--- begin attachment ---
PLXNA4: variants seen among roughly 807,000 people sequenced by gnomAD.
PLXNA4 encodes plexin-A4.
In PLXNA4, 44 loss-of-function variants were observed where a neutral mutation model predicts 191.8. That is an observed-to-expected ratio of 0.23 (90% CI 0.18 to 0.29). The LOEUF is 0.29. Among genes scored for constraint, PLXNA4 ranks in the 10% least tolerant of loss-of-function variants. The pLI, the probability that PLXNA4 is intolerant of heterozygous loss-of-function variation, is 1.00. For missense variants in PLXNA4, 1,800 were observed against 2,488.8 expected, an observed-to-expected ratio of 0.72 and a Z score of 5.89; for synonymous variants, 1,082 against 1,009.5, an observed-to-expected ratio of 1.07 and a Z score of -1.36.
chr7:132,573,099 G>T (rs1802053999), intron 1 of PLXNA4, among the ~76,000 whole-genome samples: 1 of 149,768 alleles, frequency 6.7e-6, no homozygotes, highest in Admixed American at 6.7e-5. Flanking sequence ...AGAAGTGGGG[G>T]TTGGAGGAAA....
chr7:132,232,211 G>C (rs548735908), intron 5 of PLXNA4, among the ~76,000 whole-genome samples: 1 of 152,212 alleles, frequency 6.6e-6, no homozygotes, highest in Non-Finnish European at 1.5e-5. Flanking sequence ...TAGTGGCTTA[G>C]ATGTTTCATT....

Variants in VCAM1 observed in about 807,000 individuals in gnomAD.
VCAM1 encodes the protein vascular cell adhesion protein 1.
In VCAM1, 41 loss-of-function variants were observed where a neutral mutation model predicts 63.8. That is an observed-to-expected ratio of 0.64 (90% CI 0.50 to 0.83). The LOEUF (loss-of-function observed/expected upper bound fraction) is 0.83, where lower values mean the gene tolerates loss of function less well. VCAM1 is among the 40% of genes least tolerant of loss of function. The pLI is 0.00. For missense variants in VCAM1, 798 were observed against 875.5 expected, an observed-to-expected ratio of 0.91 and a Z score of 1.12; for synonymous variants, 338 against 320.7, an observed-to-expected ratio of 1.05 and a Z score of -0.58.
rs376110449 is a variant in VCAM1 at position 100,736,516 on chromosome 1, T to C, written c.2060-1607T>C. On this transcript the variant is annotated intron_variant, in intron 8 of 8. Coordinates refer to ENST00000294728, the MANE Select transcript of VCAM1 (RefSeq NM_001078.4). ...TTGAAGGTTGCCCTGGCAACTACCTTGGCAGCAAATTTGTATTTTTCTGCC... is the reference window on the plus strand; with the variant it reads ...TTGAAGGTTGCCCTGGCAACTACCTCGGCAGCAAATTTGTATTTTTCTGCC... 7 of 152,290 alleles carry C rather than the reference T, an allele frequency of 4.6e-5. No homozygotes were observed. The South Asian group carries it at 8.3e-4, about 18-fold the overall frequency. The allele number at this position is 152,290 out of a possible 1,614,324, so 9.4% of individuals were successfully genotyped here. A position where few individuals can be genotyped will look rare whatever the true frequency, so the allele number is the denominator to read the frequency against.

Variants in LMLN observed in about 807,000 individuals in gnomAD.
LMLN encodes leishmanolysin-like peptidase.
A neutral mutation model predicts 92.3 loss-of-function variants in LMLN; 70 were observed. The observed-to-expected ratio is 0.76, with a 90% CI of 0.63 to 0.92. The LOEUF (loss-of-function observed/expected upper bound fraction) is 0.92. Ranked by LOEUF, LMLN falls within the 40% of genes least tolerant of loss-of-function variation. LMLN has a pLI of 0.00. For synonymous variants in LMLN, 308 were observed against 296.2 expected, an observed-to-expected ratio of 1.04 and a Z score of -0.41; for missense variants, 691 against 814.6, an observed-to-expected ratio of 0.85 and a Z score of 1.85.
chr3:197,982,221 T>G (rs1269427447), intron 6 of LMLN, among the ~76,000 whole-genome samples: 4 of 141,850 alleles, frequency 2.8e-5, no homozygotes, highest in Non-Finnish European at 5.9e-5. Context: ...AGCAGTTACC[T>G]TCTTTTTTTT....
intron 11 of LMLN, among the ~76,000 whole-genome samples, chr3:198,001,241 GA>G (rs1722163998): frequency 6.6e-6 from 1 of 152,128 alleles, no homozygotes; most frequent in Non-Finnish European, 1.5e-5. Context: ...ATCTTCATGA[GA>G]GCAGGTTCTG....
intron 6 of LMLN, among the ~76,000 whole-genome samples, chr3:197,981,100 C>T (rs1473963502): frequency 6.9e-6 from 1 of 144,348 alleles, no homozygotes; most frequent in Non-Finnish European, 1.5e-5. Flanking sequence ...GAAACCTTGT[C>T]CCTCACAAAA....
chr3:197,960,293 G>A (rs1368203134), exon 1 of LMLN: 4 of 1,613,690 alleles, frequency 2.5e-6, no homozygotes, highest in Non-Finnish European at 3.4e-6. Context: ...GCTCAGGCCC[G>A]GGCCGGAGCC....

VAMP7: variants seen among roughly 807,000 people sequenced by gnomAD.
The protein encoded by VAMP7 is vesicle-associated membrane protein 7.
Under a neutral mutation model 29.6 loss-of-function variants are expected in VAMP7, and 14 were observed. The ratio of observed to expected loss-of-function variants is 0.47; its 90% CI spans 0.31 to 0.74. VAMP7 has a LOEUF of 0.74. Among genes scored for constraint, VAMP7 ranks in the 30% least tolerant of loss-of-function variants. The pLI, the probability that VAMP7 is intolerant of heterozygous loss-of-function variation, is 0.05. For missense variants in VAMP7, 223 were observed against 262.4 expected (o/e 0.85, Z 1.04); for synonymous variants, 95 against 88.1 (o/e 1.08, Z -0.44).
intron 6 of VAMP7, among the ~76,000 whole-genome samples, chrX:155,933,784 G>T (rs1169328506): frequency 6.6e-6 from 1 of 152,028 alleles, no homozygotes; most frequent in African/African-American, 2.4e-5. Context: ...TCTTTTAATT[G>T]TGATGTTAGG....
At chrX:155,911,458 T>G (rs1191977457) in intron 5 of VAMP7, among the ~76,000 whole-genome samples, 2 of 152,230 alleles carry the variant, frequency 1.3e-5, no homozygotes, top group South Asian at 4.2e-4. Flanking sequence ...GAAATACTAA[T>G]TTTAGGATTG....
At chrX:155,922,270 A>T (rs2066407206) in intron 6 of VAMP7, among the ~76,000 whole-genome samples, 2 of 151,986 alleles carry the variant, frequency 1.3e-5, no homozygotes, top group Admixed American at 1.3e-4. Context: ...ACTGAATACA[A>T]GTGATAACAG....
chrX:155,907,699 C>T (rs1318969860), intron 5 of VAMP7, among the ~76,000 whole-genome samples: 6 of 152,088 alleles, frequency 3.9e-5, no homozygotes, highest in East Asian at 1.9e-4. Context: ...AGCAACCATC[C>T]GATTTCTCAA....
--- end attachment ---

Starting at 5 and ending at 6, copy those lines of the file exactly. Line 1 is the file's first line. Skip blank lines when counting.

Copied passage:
chr7:132,232,211 G>C (rs548735908), intron 5 of PLXNA4, among the ~76,000 whole-genome samples: 1 of 152,212 alleles, frequency 6.6e-6, no homozygotes, highest in Non-Finnish European at 1.5e-5. Flanking sequence ...TAGTGGCTTA[G>C]ATGTTTCATT....

Variants in VCAM1 observed in about 807,000 individuals in gnomAD.